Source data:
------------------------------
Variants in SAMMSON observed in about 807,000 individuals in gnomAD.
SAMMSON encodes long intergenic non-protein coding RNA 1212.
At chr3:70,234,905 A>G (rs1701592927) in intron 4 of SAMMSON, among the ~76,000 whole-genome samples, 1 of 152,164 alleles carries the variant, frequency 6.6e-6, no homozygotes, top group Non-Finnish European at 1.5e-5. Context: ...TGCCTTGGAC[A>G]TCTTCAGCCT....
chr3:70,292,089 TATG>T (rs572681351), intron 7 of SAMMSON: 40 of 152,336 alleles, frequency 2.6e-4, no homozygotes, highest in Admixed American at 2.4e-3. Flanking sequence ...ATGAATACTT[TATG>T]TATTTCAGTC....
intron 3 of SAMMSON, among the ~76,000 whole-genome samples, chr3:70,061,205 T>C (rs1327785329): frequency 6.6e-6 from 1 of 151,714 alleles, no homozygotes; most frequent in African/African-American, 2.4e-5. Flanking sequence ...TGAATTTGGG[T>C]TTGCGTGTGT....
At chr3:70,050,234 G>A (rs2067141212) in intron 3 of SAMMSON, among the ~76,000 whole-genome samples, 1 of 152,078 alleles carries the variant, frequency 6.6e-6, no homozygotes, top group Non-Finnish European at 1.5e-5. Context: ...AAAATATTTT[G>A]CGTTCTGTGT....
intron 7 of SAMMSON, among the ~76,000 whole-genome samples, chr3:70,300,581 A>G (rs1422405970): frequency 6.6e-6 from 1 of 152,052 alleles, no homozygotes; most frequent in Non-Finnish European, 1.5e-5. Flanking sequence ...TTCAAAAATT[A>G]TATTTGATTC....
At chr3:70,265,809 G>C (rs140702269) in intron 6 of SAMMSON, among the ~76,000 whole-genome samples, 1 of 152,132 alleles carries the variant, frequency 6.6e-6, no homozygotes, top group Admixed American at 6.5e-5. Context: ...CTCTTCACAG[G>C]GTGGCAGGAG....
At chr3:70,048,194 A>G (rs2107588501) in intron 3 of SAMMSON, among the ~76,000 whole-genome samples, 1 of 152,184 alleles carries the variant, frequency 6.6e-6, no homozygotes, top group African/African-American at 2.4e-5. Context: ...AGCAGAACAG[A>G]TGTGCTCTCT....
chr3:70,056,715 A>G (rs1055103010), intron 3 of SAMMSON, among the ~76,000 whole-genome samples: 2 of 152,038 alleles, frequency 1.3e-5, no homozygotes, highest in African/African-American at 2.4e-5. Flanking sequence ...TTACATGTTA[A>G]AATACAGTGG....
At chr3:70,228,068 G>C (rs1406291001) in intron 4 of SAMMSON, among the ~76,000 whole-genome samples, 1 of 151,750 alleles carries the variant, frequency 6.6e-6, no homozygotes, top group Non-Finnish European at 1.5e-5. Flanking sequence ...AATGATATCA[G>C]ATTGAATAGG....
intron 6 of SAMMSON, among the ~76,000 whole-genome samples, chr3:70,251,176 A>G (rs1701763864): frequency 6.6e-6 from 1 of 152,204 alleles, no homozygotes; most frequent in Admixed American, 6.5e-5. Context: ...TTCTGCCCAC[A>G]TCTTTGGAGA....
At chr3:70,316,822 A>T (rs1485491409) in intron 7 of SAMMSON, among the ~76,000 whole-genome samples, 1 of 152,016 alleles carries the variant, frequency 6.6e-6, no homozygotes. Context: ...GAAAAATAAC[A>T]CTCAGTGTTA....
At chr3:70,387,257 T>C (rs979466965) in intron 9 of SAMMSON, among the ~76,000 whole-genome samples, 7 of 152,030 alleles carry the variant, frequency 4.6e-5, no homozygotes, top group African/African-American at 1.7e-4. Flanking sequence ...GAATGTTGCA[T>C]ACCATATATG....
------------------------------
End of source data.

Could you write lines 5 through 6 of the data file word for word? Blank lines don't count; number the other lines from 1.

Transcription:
intron 3 of SAMMSON, among the ~76,000 whole-genome samples, chr3:70,061,205 T>C (rs1327785329): frequency 6.6e-6 from 1 of 151,714 alleles, no homozygotes; most frequent in African/African-American, 2.4e-5. Flanking sequence ...TGAATTTGGG[T>C]TTGCGTGTGT....
At chr3:70,050,234 G>A (rs2067141212) in intron 3 of SAMMSON, among the ~76,000 whole-genome samples, 1 of 152,078 alleles carries the variant, frequency 6.6e-6, no homozygotes, top group Non-Finnish European at 1.5e-5. Context: ...AAAATATTTT[G>A]CGTTCTGTGT....